• Address: Mahlerovy sady 1,
  • How to get there: if you're staying in the Old Town, take the metro (green line) at Staroměstská and get off at the Jiřího z Poděbrad stop.

9. Enter one of the capital's most beautiful churches

St. Nicholas Church in Prague| ©Henry Burrows
St. Nicholas Church in Prague| ©Henry Burrows

St. Nicholas is the most famous baroque church in Prague. It was built by the will of the Jesuit order that acquired the land in the seventeenth century. In the same place there was another medieval place of worship that was demolished to make room for the current one. The construction lasted about a century and gave work to three generations of architects: Kryštof Dientzenhofer, Kilián Ignác Dientzenhofer and Anselmo Lurago.

Inside, the church is adorned with sculptures, frescoes and an organ that has been used by Wolfgang Amadeus Mozart. Another highlight is its two belvederes overlooking the Malá Strana district. In my opinion, it is not necessary to go up to the second one since it is "covered" by windows. Important: this monument should not be confused with the church of the same name in the old city.

  • Address: Malostranské námestí
  • How to get there: from the old town, just cross the Charles Bridge. The trip takes about twenty minutes. If you prefer to take public transport, you can take the bus (line 194) from Pařížská and get off at Malostranské náměstí.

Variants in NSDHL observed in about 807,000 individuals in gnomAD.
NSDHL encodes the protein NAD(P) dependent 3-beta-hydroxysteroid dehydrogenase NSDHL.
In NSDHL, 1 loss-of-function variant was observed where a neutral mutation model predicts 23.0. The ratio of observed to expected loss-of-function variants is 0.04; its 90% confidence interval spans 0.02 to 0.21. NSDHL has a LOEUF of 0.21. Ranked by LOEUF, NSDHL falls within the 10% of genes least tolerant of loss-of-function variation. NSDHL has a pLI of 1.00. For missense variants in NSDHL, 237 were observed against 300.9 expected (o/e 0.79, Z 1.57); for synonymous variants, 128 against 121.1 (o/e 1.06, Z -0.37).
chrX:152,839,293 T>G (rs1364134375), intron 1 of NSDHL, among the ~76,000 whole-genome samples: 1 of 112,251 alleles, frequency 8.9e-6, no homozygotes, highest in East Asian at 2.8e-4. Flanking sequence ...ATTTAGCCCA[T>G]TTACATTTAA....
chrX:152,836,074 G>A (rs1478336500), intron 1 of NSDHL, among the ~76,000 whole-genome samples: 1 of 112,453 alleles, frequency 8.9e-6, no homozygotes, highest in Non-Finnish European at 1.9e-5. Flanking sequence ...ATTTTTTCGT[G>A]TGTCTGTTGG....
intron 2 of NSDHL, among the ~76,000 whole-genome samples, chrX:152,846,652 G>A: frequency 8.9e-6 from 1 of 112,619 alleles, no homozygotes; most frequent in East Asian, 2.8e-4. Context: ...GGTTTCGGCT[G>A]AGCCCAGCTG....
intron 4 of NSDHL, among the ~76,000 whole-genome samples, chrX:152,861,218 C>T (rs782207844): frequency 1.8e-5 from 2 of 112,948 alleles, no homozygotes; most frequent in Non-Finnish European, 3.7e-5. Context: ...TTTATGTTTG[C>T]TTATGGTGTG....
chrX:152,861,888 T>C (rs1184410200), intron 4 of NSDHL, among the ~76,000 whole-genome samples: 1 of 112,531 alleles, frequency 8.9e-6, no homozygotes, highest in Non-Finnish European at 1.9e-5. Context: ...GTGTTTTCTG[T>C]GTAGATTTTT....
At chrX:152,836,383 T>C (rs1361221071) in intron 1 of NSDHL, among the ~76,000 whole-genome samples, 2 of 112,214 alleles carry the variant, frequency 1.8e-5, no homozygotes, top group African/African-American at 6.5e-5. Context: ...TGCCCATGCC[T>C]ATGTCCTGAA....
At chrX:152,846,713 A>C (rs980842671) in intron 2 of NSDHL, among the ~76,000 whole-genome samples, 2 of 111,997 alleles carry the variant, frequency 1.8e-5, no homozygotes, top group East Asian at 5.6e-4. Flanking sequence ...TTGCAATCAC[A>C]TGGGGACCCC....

10. Enjoy a classic Old Town experience

Powder Tower| ©maggiejp
Powder Tower| ©maggiejp

The Powder Tower (Prašná brána) is a Gothic tower and one of the original gateways to the city. This monument is very important for Czech history as it marked the beginning of the Royal Route, a route followed by future monarchs on the coronation day.

Today, it houses a photographic exhibition dedicated to the towers of Prague while at the top is a belvedere. After climbing some 186 steps you will reach an observation deck overlooking the old town. From here you can admire the Art Nouveau Municipal House (Obecni dum) and the National Bank.

  • Address: Malostranské námestí
  • How to get there: hop on the metro and get off at Náměstí republiky or Můstek (both on the yellow line).

We have reached the end. In my opinion, these are the best views of the Czech capital. If you are short on time and need to get the most out of your vacation, I recommend reading the post Prague in 1 day: guide to make the most of your visit to Prague. If instead you plan to stay longer, you can read Prague in 5 days: a guide to discover it in detail. Have a good trip!